'India Can't Be Refugee Capital of World': On Assam NRC, Centre Tells SC Lakhs Wrongly Included in List
Supreme court agreed to hear the pleas of both the central and state governments for deliberation on July 23 to conduct a sample re-verification process to quell a growing perception that many illegal immigrants may have infiltrated the NRC especially in districts bordering Bangladesh.
"India cannot be the refugee capital of the world", the Centre and the Assam government said in the Supreme Court Friday while seeking the extension its July 31 deadline to finalise the National Register of Citizens so as to verify wrongful inclusions and exclusions in the NRC.
The top court agreed to hear the pleas of both the governments for deliberation on July 23 to conduct a sample reverification process to quell a growing perception that many illegal immigrants may have infiltrated the NRC especially in districts bordering Bangladesh.
A special bench of Chief Justice Ranjan Gogoi and Justice R F Nariman had fixed July 31 as the deadline for publication of final list of the NRC and had reiterated that it will not be extended.
Both the governments said that they be allowed to undertake verification of 20 per cent random samples of citizens for wrongful inclusions or exclusions in the NRC.
The bench took note of the submissions of Solicitor General Tushar Mehta, appearing for the Centre and the state government, that several lakhs people have been wrongfully included in the NRC, specially in districts bordering Bangladesh due to the involvement of local officers in the massive exercise.
"Please extend the deadline for publication of final Assam NRC from July 31 to a future date. There is a growing perception that many exclusions and many more inclusions have been made wrongly," the solicitor general said.
"India cannot be the refugee capital of the world," he said, adding there was a need to re-look the draft NRC list through sample verification.
At the outset, the law officer said that although Assam NRC coordinator Prateek Hajela has done "excellent work", it has been seen on the ground that wrongful exclusions and many inclusions have been reported in the some districts.
"Hajela's report says while disposing of claims (of those who were excluded in draft NRC), 80 lakh names have been re-verified. So there is no need for a sample re-verification. If we are satisfied that verification has been done properly, then there is no need for a sample re-verification, is it," the bench asked.
Both the governments moved the apex court on July 17 seeking a direction for 20 percent sample re-verification of names included in the final NRC draft in the districts of Assam bordering Bangladesh and 10 percent sample re-verification of names included in the final draft in the remaining districts.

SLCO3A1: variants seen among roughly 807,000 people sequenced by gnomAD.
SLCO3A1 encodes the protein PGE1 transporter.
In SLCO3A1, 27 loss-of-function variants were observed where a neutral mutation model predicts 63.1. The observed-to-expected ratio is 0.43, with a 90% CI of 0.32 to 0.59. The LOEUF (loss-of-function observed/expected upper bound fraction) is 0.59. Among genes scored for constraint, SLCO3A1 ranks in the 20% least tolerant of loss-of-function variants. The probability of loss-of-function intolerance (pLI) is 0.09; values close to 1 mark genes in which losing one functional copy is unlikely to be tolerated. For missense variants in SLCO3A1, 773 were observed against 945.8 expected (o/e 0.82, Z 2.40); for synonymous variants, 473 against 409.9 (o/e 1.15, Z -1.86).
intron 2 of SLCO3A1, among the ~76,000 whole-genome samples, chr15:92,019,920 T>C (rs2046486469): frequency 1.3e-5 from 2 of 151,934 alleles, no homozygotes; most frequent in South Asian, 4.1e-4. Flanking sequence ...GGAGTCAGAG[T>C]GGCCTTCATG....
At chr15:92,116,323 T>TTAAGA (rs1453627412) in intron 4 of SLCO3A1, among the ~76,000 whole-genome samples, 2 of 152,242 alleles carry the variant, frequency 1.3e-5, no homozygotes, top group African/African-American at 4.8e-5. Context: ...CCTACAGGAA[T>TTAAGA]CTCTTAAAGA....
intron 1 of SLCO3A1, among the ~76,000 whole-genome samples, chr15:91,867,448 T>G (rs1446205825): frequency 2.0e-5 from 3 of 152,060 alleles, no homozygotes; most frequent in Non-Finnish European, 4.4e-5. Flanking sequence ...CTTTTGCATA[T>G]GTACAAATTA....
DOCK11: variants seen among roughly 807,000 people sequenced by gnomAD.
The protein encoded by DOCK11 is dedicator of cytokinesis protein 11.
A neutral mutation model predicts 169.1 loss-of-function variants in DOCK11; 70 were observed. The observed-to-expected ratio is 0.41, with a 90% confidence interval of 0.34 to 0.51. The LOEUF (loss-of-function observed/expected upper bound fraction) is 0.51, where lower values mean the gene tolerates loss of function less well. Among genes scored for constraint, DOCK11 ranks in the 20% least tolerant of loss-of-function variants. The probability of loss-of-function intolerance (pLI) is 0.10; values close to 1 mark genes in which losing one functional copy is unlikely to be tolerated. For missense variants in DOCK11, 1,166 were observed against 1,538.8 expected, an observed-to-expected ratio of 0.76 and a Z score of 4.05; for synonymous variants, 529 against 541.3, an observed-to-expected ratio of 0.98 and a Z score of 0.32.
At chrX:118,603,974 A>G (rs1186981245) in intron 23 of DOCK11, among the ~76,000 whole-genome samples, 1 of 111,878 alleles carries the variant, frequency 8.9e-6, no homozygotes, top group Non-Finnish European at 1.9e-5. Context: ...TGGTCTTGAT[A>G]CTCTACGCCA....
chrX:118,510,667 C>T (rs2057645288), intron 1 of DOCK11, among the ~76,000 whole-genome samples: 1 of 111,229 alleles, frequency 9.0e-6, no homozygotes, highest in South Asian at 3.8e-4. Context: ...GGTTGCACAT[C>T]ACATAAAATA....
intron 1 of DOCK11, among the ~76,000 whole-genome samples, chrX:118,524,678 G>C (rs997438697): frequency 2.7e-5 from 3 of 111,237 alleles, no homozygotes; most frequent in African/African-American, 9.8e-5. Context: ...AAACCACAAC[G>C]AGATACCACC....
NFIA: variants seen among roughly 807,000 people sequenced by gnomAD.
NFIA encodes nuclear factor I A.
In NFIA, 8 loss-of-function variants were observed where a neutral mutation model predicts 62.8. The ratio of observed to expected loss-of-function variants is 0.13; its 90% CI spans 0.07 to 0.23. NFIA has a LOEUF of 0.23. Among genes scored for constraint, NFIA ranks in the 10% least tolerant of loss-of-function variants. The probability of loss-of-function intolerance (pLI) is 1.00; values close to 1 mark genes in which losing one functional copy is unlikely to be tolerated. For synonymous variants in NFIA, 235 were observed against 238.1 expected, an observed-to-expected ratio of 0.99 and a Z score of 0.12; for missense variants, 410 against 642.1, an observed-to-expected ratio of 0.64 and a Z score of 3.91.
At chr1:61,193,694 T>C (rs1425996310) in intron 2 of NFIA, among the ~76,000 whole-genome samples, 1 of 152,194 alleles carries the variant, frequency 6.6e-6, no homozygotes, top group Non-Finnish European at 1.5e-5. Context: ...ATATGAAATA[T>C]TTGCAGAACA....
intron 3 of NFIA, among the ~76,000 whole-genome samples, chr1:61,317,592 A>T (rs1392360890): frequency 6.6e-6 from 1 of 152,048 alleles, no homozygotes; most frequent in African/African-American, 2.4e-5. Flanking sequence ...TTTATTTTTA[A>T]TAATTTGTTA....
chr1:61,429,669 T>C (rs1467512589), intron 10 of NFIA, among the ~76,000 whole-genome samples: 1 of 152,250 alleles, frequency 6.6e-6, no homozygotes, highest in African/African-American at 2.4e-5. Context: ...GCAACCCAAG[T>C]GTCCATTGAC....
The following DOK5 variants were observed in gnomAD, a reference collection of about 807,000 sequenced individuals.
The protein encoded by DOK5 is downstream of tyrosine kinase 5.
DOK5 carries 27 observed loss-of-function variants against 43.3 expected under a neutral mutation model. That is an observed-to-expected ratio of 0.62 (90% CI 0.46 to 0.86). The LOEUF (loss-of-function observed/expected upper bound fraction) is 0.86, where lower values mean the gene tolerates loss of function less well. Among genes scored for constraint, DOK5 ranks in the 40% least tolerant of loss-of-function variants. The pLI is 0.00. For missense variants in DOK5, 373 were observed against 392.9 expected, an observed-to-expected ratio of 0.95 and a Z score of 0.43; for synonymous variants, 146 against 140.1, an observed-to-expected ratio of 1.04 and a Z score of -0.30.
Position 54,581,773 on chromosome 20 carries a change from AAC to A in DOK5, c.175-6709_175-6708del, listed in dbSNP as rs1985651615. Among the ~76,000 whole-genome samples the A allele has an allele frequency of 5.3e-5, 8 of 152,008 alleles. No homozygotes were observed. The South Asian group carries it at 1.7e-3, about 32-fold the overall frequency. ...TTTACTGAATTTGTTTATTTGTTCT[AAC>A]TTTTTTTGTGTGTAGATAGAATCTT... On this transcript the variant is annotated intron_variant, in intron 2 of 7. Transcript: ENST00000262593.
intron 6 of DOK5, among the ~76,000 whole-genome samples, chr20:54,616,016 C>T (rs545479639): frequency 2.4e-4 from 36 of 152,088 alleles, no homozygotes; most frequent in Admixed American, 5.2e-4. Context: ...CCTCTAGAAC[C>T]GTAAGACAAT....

The Centre's plea has also sought to suitably modify the time-line fixed for publication of the final list of NRC from July 31 to a future date.
It has also sought direction that such re-verification exercise to be conducted by Class I officers of the state government from other districts who have knowledge and experience of handling the process of enquiry/investigation.
The pleas have also sought a direction to fix the venue of the sample re-verification at a place which was not in the vicinity of the initial NRC verification to rule out possibility of local influences, bias and threat.
It claimed that names of Indian citizens were excluded and illegal Bangladeshi migrants were included in the draft. It also referred to the apex court's 2018 order by which it had said it could consider a re-verification of 10 percent of the people who were included in the draft NRC.
The top court had termed the issue as "human problem with great magnitude" and asked the state NRC coordinator to submit a report in a sealed cover on the ramification of allowing the claimants to file new sets of legacy documents.
The first draft of the NRC for Assam was published on the intervening night of December 31, 2017 and January 1, 2018 in accordance with the top court's direction. Names of 1.9 crore people out of the 3.29 crore applicants were incorporated then.
Assam, which had faced influx of people from Bangladesh since the early 20th century, is the only state having an NRC which was first prepared in 1951.
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